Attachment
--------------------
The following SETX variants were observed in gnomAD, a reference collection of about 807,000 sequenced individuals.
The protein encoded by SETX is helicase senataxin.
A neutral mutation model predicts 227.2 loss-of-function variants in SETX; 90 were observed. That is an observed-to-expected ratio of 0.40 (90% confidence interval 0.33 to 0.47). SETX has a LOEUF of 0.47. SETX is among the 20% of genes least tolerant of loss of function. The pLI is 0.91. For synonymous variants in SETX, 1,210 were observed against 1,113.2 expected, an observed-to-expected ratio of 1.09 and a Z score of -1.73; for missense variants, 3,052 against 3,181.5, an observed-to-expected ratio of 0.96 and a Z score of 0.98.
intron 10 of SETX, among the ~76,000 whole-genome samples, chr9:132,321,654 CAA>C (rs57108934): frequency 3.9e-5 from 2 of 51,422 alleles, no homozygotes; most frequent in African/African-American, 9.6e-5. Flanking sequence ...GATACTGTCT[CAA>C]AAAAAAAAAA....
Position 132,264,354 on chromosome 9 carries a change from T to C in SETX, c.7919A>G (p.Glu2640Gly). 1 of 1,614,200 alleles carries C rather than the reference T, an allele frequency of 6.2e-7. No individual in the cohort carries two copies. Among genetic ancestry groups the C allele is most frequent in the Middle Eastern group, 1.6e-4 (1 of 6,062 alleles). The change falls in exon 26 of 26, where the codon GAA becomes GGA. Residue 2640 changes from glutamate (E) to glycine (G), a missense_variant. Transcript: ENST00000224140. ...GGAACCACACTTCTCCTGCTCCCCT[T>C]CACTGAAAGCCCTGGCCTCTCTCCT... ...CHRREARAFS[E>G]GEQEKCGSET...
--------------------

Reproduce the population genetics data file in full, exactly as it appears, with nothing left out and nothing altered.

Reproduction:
The following SETX variants were observed in gnomAD, a reference collection of about 807,000 sequenced individuals.
The protein encoded by SETX is helicase senataxin.
A neutral mutation model predicts 227.2 loss-of-function variants in SETX; 90 were observed. That is an observed-to-expected ratio of 0.40 (90% confidence interval 0.33 to 0.47). SETX has a LOEUF of 0.47. SETX is among the 20% of genes least tolerant of loss of function. The pLI is 0.91. For synonymous variants in SETX, 1,210 were observed against 1,113.2 expected, an observed-to-expected ratio of 1.09 and a Z score of -1.73; for missense variants, 3,052 against 3,181.5, an observed-to-expected ratio of 0.96 and a Z score of 0.98.
intron 10 of SETX, among the ~76,000 whole-genome samples, chr9:132,321,654 CAA>C (rs57108934): frequency 3.9e-5 from 2 of 51,422 alleles, no homozygotes; most frequent in African/African-American, 9.6e-5. Flanking sequence ...GATACTGTCT[CAA>C]AAAAAAAAAA....
Position 132,264,354 on chromosome 9 carries a change from T to C in SETX, c.7919A>G (p.Glu2640Gly). 1 of 1,614,200 alleles carries C rather than the reference T, an allele frequency of 6.2e-7. No individual in the cohort carries two copies. Among genetic ancestry groups the C allele is most frequent in the Middle Eastern group, 1.6e-4 (1 of 6,062 alleles). The change falls in exon 26 of 26, where the codon GAA becomes GGA. Residue 2640 changes from glutamate (E) to glycine (G), a missense_variant. Transcript: ENST00000224140. ...GGAACCACACTTCTCCTGCTCCCCT[T>C]CACTGAAAGCCCTGGCCTCTCTCCT... ...CHRREARAFS[E>G]GEQEKCGSET...